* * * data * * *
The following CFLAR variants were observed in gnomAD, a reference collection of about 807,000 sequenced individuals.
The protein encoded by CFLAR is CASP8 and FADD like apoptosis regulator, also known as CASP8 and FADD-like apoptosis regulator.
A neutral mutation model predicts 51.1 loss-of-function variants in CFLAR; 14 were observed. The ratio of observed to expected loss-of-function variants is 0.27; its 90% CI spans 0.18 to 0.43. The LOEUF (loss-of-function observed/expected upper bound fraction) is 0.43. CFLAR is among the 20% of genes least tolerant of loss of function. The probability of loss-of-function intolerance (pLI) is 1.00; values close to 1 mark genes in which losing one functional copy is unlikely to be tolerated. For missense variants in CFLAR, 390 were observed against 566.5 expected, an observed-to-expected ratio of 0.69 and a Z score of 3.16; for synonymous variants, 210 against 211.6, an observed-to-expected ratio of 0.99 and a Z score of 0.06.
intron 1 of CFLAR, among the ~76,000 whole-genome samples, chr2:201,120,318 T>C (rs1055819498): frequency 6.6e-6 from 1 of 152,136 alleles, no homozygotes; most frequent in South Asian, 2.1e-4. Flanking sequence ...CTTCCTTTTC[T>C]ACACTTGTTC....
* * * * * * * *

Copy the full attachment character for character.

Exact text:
The following CFLAR variants were observed in gnomAD, a reference collection of about 807,000 sequenced individuals.
The protein encoded by CFLAR is CASP8 and FADD like apoptosis regulator, also known as CASP8 and FADD-like apoptosis regulator.
A neutral mutation model predicts 51.1 loss-of-function variants in CFLAR; 14 were observed. The ratio of observed to expected loss-of-function variants is 0.27; its 90% CI spans 0.18 to 0.43. The LOEUF (loss-of-function observed/expected upper bound fraction) is 0.43. CFLAR is among the 20% of genes least tolerant of loss of function. The probability of loss-of-function intolerance (pLI) is 1.00; values close to 1 mark genes in which losing one functional copy is unlikely to be tolerated. For missense variants in CFLAR, 390 were observed against 566.5 expected, an observed-to-expected ratio of 0.69 and a Z score of 3.16; for synonymous variants, 210 against 211.6, an observed-to-expected ratio of 0.99 and a Z score of 0.06.
intron 1 of CFLAR, among the ~76,000 whole-genome samples, chr2:201,120,318 T>C (rs1055819498): frequency 6.6e-6 from 1 of 152,136 alleles, no homozygotes; most frequent in South Asian, 2.1e-4. Flanking sequence ...CTTCCTTTTC[T>C]ACACTTGTTC....